Remember those parenthesis (or other paired punctuation)? Suddenly, they are created in pairs and my cursor placed between them! I start typing out my functions and it indents perfectly. It recognizes my statements and indents appropriately. I then decide to pause my study of the Tutorial and learn more about this Sublime Text 2.
I start looking through the documentation, which is pretty dense. I decide, instead, to go find some reviews or suggested usage tips on the Intarwebs. Each thing I discover just adds more to the awesomeness I already know. Here, let me share a few things I love.
I know “beauty is in the eye of the beholder” and I’m sure there are plenty of people who prefer light color schemes instead of the dark ones I prefer. Luckily, Sublime Text 2 has that too.
Seriously. Opens practically instantly. I created a symlink (like “sudo ln -s /home/shepbook/Sublime\ Text\ 2/sublime_text /usr/bin/subl”) and I can start it with my ALT+F2 run command option in Gnome, just by typing in “subl” (of course, one could do this from your terminal as well). Even better, I can open a folder in the same way, like “subl /path/to/folder” and Sublime Text opens it in the left side bar. Great for managing a large project. Oh, and did I mention that even this is really fast… like measured in milliseconds fast.
Press CTRL+P and you get this handly little drop down box. Start typing and you can search for any file in your project. It searches for both filenames and complete paths. Then, once you find the file, you can type “@” and it give you a list of all the methods in the file. Need to jump to a line in that file? Some Vim awesomeness has carried over (since it was originally inspired by Vim)… just CTRL+P and then type “:” followed by the line number.
There’s a thing called “Package Control” for Sublime Text and it makes installing plugins and extensions a piece of cake. CTRL+SHIFT+P drops down the “Command Palette”. Type out what you want to do, say “install package” and press enter. It will then pop out a list of packages you can install, which you can text search through, of course.
There’s a Git plugin, which you can install with the Package Control. This puppy lets you do all your favorite Git commands from within Sublime Text.
There are lots more plugins, which warrent your looking through them. There’s a linter, code completion, word highlights. If you use SFTP a lot, there is a plugin (though, not free) for managing that flawlessly.
There are no crazy menus or configuration tools you have to nagivate through, in order to customize Sublime Text 2. Instead, everything is easily configured in simple text files. While some may not consider this “easier”, it is simpler. Coming from an Arch Linux background, this style of configuration management is very, very much welcome.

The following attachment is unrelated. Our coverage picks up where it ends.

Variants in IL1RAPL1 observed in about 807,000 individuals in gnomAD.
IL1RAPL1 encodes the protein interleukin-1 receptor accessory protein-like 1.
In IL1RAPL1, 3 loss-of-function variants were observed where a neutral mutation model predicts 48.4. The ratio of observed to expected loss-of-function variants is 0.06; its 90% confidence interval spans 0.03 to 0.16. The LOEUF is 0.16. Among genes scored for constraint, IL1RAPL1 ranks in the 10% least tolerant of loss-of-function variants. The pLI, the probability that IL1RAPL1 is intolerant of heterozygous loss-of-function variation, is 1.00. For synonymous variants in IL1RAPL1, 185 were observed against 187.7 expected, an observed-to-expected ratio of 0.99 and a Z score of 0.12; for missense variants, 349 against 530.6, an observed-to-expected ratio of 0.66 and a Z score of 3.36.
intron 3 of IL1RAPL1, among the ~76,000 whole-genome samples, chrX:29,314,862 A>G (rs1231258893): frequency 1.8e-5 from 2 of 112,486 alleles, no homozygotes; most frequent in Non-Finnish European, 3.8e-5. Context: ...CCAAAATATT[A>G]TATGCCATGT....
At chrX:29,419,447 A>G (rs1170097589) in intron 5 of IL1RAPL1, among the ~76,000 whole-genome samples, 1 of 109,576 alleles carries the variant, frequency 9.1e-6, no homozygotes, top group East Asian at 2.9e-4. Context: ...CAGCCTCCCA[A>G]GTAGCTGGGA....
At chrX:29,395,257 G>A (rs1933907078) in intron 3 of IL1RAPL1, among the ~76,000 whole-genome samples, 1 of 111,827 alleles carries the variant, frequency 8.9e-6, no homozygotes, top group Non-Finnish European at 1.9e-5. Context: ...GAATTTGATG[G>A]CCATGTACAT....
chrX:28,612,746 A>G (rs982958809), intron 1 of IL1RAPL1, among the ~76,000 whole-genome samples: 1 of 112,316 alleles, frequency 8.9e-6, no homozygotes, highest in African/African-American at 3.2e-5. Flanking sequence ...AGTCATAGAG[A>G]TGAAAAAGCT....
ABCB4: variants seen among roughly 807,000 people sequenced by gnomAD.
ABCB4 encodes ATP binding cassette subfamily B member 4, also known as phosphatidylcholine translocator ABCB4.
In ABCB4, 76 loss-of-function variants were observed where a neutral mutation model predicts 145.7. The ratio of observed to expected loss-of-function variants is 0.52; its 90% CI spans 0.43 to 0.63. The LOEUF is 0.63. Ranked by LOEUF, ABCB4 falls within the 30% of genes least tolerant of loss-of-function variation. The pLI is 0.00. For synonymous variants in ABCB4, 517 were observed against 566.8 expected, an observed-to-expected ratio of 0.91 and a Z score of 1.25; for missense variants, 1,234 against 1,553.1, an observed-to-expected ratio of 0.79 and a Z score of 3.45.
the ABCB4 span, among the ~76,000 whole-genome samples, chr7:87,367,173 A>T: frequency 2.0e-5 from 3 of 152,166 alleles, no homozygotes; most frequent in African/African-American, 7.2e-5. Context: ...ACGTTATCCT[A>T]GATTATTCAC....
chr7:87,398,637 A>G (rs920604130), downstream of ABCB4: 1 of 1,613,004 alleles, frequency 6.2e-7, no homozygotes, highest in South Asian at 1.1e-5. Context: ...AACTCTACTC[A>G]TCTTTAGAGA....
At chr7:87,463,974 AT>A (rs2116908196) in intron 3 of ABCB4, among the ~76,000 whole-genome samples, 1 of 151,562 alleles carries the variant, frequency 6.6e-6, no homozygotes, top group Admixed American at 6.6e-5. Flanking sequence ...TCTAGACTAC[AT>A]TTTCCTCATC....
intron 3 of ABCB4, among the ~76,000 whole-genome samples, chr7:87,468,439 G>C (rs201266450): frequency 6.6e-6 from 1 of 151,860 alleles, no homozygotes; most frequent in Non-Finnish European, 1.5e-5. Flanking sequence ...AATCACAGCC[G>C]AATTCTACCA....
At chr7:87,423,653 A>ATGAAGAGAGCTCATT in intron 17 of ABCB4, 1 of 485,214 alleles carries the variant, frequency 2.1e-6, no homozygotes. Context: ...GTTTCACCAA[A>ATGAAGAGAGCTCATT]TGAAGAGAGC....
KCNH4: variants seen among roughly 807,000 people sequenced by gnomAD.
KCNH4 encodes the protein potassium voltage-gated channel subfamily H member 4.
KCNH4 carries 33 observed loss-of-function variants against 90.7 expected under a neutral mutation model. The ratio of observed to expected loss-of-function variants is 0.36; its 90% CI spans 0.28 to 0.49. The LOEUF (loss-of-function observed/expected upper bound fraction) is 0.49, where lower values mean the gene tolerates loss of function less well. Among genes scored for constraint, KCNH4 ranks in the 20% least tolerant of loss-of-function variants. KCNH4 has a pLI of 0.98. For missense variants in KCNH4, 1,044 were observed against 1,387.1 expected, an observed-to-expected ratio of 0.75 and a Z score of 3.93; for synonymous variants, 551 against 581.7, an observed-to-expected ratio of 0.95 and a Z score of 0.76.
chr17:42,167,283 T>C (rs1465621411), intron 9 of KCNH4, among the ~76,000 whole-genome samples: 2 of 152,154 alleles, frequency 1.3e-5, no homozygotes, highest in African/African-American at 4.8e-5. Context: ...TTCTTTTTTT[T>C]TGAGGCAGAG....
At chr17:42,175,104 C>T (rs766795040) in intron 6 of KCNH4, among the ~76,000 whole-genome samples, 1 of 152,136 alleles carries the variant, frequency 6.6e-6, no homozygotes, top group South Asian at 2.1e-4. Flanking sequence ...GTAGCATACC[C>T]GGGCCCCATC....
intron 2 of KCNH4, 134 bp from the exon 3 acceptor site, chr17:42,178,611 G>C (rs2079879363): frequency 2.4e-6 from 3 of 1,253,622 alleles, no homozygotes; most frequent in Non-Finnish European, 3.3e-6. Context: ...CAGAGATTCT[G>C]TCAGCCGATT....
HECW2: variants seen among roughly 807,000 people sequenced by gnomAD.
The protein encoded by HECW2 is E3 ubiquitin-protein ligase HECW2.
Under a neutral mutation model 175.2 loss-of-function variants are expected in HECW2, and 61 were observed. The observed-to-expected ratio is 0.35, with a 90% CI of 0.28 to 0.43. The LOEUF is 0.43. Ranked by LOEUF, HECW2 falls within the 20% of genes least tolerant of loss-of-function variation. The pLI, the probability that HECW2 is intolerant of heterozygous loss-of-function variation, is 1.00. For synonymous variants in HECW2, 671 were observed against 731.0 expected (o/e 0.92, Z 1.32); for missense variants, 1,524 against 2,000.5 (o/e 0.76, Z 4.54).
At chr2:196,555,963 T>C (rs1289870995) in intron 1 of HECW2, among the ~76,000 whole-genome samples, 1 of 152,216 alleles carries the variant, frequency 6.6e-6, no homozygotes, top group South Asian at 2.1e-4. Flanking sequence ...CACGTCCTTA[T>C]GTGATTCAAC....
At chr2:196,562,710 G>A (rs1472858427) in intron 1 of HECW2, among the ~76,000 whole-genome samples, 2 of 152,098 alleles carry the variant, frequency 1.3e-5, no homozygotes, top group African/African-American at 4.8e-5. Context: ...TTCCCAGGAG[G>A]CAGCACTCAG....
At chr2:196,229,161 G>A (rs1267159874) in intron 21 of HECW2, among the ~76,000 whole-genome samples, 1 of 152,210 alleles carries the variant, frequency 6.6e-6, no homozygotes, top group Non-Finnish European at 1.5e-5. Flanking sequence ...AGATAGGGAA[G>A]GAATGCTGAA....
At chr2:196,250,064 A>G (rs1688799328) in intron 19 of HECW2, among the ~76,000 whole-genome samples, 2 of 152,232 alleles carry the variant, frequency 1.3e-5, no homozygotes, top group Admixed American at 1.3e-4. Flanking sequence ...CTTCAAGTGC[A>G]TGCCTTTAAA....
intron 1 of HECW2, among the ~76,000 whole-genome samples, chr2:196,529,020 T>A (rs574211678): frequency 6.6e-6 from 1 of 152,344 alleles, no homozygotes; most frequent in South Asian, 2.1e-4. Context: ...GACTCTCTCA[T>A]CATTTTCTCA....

Hopefully, this article has shown you some things that could make your life better, as well. I know there will be many people who simply don’t want to use Sublime Text, for many different reasons. Top of the list seems to be 1) not open source 2) $59 license fee.
I understand not liking it’s closed source binary ways. This part also put me off. However, I’m not RMS. If something genuinely makes my life and work better, I’ll give it a try. If you have political or ethical issues with this, I really can’t help you there. The advantages I get out of Sublime Text 2 outweigh the disadvantage of it being closed source.
The license fee also seems to put a lot of people off. I was one of those people too, at first… until I gave it a try. Sublime Text 2 offers a free evaluation period, without time or funtionatility limits on the program. The only difference between the unregistered or registered version is that when you save a file on the unregistered version, it will occasionally (rarely, even) pop up a little box and say something to the effect of “please buy a license if you like it”. Honestly, my productivity is significantly improved by Sublime Text 2. I can easily justify paying the $59 license fee. The way I see it, if it saves me even one hour of collective time over the next year, it will have paid for itself, many times over. For me, my time is the most valuable thing I have. If I can spend less time working and do more in that time, then I can spend more time doing other things that matter more to me.
Besides all the time I save by using it, it simply makes coding better. A friend asked me to explain what made Sublime Text 2 so much better or what about it makes me more productive. If the benefits above don’t seem to justify it for you, just give it a try. You’ll be glad you did.
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(I am not in any way associated with Sublime Text nor have I recieved any compensation from them.)